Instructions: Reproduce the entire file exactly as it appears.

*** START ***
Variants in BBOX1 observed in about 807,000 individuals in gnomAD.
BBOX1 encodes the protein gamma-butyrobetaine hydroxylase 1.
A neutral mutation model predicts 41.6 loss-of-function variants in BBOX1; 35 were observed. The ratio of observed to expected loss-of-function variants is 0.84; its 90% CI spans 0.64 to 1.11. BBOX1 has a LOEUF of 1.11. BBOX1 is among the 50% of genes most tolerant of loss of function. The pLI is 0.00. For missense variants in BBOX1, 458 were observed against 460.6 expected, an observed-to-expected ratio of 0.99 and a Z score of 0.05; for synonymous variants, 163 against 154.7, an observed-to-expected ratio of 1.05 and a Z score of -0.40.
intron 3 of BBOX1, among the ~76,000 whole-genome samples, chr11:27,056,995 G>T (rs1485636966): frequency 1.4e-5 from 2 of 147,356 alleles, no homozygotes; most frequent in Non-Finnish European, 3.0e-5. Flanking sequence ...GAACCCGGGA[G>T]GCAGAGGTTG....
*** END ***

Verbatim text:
Variants in BBOX1 observed in about 807,000 individuals in gnomAD.
BBOX1 encodes the protein gamma-butyrobetaine hydroxylase 1.
A neutral mutation model predicts 41.6 loss-of-function variants in BBOX1; 35 were observed. The ratio of observed to expected loss-of-function variants is 0.84; its 90% CI spans 0.64 to 1.11. BBOX1 has a LOEUF of 1.11. BBOX1 is among the 50% of genes most tolerant of loss of function. The pLI is 0.00. For missense variants in BBOX1, 458 were observed against 460.6 expected, an observed-to-expected ratio of 0.99 and a Z score of 0.05; for synonymous variants, 163 against 154.7, an observed-to-expected ratio of 1.05 and a Z score of -0.40.
intron 3 of BBOX1, among the ~76,000 whole-genome samples, chr11:27,056,995 G>T (rs1485636966): frequency 1.4e-5 from 2 of 147,356 alleles, no homozygotes; most frequent in Non-Finnish European, 3.0e-5. Flanking sequence ...GAACCCGGGA[G>T]GCAGAGGTTG....